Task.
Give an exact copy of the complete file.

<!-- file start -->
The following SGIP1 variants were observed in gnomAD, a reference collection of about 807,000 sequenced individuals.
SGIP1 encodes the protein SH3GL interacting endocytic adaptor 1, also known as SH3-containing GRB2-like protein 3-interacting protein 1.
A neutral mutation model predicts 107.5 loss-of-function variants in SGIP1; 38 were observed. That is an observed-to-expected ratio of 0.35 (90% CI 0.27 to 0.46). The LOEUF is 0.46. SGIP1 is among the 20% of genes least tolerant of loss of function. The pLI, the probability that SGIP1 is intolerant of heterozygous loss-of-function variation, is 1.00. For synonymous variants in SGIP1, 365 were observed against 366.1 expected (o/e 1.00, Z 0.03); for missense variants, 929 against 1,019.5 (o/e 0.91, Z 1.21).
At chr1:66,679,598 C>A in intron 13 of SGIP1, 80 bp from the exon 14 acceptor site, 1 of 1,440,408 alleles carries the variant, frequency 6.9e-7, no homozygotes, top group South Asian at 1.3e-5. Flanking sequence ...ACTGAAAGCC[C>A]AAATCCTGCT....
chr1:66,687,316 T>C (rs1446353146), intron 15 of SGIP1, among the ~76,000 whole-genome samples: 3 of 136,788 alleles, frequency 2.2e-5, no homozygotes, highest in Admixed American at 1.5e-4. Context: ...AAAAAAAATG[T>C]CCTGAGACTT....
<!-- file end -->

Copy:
The following SGIP1 variants were observed in gnomAD, a reference collection of about 807,000 sequenced individuals.
SGIP1 encodes the protein SH3GL interacting endocytic adaptor 1, also known as SH3-containing GRB2-like protein 3-interacting protein 1.
A neutral mutation model predicts 107.5 loss-of-function variants in SGIP1; 38 were observed. That is an observed-to-expected ratio of 0.35 (90% CI 0.27 to 0.46). The LOEUF is 0.46. SGIP1 is among the 20% of genes least tolerant of loss of function. The pLI, the probability that SGIP1 is intolerant of heterozygous loss-of-function variation, is 1.00. For synonymous variants in SGIP1, 365 were observed against 366.1 expected (o/e 1.00, Z 0.03); for missense variants, 929 against 1,019.5 (o/e 0.91, Z 1.21).
At chr1:66,679,598 C>A in intron 13 of SGIP1, 80 bp from the exon 14 acceptor site, 1 of 1,440,408 alleles carries the variant, frequency 6.9e-7, no homozygotes, top group South Asian at 1.3e-5. Flanking sequence ...ACTGAAAGCC[C>A]AAATCCTGCT....
chr1:66,687,316 T>C (rs1446353146), intron 15 of SGIP1, among the ~76,000 whole-genome samples: 3 of 136,788 alleles, frequency 2.2e-5, no homozygotes, highest in Admixed American at 1.5e-4. Context: ...AAAAAAAATG[T>C]CCTGAGACTT....